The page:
Jun 8, 2019

"Schooled": "Welcome Back, Kotter" for the 1990s

I got pulled into buying the $1.99 premiere episode of  Schooled (2019) with this shot of the abs of star Christian Gehring.

Turns out that it's a spin-off of The Goldbergs (2013-), the sitcom about future filmmaker Adam Goldberg's high school years in the 1980s.

Spin-offs usually take a wacky supporting character and push them into a starring role, then find out too late that wacky doesn't work for the central character.  So "Kiss mah grits" Flo was great on Alice, but bombed on Flo, and the bickering landlords on the top-rated Three's Company hit the bottom of the ratings barrel on The Ropers

In this case, it's the wacky Lainey Lewis (A. J. Michaelka), Erica's school friend and eventually Barry's girlfriend.  Sometime during the 1990s, after a failed musical career, Lainey returns to Philadelphia and takes a job as a music teacher at William Penn Academy, "the same old place that she laughed about."

Shades of Welcome Back, Kotter, except Kotter actually had a teaching degree, and Lainey has no degree, no certification, no practicum, no nothng. She doesn't even know what a syllabus is.  But the Principal (Tim Meadows) and Coach Mellor (Bryan Callen), who knew her a a student, "believe" in her.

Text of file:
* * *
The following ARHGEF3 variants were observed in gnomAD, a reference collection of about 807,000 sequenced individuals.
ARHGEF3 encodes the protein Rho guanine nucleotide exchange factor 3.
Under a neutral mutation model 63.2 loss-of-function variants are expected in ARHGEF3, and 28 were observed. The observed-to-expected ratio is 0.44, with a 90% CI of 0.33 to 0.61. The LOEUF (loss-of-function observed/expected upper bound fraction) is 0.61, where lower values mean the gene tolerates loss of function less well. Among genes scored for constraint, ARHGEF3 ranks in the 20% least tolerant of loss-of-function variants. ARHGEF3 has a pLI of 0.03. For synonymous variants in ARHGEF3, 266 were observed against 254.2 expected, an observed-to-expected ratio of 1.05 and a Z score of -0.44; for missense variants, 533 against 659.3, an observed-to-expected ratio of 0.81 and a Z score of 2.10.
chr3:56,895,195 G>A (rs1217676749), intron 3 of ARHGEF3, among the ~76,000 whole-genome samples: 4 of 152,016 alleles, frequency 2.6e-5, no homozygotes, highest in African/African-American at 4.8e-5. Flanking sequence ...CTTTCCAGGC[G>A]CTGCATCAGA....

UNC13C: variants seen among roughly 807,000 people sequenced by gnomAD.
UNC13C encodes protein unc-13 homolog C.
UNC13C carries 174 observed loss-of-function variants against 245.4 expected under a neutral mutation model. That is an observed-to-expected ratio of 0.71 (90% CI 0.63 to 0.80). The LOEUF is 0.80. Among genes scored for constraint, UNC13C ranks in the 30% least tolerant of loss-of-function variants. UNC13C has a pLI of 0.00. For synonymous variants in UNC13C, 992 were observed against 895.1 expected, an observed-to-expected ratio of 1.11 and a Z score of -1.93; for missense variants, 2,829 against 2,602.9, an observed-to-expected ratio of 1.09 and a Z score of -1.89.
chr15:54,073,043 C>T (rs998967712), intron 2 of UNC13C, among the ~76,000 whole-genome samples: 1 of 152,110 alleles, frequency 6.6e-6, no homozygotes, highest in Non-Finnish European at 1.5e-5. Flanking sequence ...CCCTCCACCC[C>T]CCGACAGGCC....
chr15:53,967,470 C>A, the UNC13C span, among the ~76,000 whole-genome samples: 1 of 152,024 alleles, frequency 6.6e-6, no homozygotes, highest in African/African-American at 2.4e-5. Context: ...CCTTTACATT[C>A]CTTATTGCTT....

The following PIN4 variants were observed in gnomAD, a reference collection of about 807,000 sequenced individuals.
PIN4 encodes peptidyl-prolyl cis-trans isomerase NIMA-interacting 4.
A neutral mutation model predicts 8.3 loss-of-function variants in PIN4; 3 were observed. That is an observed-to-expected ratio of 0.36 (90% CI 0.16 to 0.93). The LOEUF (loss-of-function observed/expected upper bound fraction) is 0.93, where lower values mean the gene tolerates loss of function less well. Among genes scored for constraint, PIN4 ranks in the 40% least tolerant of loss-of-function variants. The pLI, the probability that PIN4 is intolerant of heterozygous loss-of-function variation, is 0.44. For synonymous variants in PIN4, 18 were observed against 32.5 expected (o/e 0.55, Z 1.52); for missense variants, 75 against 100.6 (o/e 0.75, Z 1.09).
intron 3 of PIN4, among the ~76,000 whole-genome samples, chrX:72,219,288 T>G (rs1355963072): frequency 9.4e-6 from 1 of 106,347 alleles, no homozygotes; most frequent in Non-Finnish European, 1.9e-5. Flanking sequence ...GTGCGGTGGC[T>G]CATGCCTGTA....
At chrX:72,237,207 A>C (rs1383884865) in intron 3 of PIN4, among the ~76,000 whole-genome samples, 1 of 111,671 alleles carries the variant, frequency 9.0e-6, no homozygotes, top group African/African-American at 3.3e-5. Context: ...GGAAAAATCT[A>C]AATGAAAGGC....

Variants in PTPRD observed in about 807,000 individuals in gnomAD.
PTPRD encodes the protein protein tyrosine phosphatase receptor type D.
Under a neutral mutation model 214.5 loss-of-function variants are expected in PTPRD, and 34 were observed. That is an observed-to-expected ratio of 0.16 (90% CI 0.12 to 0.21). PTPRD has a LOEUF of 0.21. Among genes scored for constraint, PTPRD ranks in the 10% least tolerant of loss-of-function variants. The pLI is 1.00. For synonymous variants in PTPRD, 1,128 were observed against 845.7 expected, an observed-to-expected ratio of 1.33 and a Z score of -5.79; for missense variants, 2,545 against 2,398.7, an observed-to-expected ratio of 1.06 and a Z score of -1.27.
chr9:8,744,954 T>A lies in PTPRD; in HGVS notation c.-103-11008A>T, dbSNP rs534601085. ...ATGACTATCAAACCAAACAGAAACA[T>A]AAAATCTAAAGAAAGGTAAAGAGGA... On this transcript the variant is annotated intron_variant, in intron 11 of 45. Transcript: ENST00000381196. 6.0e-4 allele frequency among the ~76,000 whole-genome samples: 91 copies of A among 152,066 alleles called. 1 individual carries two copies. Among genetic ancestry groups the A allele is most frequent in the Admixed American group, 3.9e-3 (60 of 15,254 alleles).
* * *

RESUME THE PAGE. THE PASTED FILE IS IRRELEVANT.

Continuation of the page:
The music class is, naturally, full of slackers, losers, and wise guys, but Lainey "gets through to them" by switching from the "Do Wop" music on the syllabus to Grunge. So this is more like Glee without the gay kid?

But things go wrong when Lainey tries to expell Felicia (who happens to be the Principal's niece) for asking to go to the nurse's office (an act which would immediately get a real-life teacher fired, but here has no consequences).  But she finally bonds with Felicia.

Meanwhile, the ridiculously fit Coach Mellor, who actually doesn't have much of a physique, is having his own problems adjusting to the 1990s (wait -- wasn't he there all along?).  He hates the new Be Like Mike non-teamwork basketball style and short-short uniforms that show everything you got (well, I'd like to see those).

In a parallel to Lainey-Felicia, he butts heads with the showboating Matty (Hunter Doohan),the best athlete at the school, who quits the team in protest.  Not to worry, they bond, and the Coach suggests that he try out for football instead.

We finish with cameos by "the real Matty," Matt Ryan of the Atlanta Falcons football team,  who really  did attend the William Penn Charter School in Philadelphia, started as a basketball player before "the real Coach Mellor" convinced him to take football instead.

My head is exploding.  Are these all real people?  Are we going to get more interviews with famous graduates of William Penn Academy in future episodes?  I almost want to buy more episodes to see.

Gay References:  They will be performing Rent later on..

Gay Characters: None that I know of.

Beefcake.  Maybe I've been spoiled by Riverdale, but those team members are scrawny, and always fully clothed.

Lainey: Super annoying.